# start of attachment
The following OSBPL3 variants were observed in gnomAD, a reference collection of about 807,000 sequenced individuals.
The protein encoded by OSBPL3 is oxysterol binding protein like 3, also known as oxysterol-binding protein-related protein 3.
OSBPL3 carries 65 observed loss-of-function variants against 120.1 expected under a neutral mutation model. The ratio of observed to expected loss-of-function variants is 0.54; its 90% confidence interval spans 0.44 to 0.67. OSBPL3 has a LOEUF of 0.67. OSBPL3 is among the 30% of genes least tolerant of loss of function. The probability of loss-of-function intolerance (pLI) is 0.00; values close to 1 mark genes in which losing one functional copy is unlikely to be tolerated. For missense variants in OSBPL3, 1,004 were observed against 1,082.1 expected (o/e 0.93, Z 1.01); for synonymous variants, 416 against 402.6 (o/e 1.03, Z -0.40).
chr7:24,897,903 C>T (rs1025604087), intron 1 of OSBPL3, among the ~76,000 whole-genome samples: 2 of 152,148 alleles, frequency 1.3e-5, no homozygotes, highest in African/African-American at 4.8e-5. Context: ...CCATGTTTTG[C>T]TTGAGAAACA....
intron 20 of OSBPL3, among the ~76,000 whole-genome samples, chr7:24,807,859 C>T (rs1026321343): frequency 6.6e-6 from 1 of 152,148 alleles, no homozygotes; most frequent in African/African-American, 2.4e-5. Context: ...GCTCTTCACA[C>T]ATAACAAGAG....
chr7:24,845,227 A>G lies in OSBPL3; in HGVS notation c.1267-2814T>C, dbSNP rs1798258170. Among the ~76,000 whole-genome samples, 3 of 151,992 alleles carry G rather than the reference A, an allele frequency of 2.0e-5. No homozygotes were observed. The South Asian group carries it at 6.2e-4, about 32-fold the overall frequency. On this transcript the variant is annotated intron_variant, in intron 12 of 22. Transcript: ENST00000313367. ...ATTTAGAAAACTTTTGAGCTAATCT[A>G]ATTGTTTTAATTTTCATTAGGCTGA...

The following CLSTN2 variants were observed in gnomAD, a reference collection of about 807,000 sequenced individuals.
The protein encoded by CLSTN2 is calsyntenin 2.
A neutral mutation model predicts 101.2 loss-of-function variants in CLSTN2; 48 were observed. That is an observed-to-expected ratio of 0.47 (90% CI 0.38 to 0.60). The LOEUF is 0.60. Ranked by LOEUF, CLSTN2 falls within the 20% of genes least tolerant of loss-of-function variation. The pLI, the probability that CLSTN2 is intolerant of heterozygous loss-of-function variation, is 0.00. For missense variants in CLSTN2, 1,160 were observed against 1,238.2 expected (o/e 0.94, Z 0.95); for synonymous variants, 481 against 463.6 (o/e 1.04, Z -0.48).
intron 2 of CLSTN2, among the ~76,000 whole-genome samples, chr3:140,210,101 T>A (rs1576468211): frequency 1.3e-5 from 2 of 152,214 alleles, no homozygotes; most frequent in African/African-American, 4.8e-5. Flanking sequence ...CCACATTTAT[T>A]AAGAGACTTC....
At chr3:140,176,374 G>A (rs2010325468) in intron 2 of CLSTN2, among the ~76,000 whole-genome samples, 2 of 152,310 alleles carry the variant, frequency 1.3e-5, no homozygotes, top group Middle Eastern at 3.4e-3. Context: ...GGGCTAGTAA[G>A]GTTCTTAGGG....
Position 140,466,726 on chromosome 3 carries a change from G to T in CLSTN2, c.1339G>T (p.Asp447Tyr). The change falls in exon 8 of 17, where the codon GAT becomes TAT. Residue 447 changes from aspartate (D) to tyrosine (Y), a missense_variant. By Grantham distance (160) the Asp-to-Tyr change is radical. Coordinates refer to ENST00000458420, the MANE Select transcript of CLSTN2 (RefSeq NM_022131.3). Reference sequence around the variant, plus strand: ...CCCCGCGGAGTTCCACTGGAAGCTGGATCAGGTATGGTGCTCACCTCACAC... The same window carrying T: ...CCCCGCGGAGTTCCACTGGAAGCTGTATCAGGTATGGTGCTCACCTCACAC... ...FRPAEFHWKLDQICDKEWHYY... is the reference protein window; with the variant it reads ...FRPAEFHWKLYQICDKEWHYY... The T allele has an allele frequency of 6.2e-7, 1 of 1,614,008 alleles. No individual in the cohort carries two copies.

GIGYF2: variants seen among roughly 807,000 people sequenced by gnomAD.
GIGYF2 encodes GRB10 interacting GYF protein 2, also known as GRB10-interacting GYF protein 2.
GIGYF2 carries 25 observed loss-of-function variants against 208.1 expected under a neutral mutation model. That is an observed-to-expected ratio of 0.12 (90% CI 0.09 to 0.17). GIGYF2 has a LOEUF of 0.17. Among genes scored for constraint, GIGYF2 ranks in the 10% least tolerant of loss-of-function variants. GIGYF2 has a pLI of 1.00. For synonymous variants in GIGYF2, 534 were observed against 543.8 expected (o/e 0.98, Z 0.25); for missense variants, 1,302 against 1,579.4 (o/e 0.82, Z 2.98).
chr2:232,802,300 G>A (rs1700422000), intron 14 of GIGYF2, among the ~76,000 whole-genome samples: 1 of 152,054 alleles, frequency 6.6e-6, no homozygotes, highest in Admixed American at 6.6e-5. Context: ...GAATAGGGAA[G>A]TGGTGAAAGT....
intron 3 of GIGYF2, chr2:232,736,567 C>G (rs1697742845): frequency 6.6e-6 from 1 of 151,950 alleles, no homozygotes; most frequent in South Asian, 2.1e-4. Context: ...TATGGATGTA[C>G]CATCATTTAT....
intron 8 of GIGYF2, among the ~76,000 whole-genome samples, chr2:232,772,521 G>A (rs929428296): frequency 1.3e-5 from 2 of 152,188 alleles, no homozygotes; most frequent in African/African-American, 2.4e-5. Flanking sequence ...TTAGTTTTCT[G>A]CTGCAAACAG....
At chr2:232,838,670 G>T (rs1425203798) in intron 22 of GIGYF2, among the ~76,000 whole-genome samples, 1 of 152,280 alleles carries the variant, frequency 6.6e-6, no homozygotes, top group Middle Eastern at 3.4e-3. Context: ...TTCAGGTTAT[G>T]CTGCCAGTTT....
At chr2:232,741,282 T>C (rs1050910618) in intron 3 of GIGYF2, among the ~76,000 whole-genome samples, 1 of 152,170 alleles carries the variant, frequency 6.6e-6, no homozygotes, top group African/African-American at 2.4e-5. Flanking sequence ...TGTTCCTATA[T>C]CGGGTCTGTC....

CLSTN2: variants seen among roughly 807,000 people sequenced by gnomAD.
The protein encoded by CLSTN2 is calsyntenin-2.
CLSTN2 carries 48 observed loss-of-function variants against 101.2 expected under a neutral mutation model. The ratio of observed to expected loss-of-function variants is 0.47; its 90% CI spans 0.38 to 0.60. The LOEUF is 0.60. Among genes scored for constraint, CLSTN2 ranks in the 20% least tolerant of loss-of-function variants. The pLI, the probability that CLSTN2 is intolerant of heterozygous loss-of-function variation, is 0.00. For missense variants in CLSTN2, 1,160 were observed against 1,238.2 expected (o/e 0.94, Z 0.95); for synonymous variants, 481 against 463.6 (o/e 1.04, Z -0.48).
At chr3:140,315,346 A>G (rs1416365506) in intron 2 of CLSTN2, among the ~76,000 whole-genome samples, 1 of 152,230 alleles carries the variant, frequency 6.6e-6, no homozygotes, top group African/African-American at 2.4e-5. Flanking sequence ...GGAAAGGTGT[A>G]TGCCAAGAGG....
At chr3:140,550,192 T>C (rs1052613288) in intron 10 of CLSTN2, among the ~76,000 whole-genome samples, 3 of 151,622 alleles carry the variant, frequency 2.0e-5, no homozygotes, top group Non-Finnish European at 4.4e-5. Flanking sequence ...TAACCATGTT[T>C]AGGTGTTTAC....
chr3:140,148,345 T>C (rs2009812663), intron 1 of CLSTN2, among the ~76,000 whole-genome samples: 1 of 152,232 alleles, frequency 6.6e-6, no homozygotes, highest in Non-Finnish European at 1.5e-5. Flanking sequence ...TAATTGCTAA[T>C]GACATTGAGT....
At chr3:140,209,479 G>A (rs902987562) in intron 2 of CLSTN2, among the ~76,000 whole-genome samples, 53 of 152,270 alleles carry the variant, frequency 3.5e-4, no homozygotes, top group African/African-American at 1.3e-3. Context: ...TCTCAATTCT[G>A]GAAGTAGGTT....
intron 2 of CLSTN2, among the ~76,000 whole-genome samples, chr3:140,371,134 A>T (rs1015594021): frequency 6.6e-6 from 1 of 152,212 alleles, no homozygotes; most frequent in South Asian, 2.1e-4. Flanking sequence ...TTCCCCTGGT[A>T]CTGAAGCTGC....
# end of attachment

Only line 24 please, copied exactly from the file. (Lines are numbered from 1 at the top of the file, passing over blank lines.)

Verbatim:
At chr3:140,315,346 A>G (rs1416365506) in intron 2 of CLSTN2, among the ~76,000 whole-genome samples, 1 of 152,230 alleles carries the variant, frequency 6.6e-6, no homozygotes, top group African/African-American at 2.4e-5. Flanking sequence ...GGAAAGGTGT[A>G]TGCCAAGAGG....